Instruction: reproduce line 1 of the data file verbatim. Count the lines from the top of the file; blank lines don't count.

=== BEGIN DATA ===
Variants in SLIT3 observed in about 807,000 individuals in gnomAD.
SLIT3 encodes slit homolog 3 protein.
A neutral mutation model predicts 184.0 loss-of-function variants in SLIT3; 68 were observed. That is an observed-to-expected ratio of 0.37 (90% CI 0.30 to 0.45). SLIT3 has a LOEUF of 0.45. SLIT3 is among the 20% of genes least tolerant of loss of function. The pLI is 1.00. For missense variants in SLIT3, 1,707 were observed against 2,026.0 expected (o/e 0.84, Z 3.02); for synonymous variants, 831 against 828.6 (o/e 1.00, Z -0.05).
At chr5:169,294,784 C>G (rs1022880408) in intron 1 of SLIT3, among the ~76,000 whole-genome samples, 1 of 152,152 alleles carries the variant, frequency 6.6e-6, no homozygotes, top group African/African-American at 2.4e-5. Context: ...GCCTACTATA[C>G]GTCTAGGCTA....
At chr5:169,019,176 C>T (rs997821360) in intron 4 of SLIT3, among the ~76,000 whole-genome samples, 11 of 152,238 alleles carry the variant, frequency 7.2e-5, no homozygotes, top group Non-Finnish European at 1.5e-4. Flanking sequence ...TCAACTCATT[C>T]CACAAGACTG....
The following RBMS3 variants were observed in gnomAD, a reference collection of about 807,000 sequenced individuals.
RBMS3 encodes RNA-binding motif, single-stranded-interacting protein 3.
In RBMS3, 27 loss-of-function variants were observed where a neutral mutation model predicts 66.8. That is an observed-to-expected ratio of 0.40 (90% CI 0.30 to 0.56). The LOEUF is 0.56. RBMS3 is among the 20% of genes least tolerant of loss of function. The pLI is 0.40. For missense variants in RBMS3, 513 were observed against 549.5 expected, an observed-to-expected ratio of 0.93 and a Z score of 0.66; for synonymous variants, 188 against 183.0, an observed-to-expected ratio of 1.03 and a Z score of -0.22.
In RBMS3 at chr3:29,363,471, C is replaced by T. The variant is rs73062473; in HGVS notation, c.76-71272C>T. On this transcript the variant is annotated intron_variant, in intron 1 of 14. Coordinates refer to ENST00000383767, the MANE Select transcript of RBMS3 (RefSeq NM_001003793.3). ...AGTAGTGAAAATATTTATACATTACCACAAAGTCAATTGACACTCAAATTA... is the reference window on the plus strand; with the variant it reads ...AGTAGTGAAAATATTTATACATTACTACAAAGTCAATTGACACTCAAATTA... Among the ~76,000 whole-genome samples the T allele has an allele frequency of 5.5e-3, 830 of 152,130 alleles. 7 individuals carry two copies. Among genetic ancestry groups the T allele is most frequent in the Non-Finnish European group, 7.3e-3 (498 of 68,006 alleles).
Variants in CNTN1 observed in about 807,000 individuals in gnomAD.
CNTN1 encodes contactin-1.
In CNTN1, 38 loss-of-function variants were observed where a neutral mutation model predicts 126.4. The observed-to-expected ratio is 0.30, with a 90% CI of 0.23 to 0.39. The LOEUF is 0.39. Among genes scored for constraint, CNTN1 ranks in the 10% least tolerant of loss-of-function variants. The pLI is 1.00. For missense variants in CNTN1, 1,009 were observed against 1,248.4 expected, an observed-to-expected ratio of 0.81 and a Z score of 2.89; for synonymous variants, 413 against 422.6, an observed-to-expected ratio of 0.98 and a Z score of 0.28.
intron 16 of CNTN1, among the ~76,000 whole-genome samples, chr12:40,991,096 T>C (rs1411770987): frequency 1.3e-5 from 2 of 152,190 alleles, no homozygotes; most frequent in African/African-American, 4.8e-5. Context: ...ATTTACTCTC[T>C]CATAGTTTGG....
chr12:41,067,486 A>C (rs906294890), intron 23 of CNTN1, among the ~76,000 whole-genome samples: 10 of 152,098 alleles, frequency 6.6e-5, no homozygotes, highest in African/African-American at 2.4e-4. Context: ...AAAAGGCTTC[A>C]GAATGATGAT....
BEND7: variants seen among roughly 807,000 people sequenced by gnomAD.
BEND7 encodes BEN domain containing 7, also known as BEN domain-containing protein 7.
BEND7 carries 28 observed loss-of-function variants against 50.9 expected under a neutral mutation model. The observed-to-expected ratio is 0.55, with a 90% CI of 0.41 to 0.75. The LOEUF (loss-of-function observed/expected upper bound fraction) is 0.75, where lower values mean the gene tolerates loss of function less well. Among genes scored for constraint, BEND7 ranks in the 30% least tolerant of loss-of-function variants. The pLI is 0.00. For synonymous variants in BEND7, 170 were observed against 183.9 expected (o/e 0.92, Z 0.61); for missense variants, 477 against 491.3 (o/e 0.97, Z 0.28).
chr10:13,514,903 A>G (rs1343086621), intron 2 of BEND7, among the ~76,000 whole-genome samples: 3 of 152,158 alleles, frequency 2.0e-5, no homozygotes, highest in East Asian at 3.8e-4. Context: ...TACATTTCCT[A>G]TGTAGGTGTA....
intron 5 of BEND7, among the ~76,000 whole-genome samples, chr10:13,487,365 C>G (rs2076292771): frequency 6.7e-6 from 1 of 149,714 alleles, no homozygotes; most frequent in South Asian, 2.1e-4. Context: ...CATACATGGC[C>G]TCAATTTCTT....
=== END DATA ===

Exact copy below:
Variants in SLIT3 observed in about 807,000 individuals in gnomAD.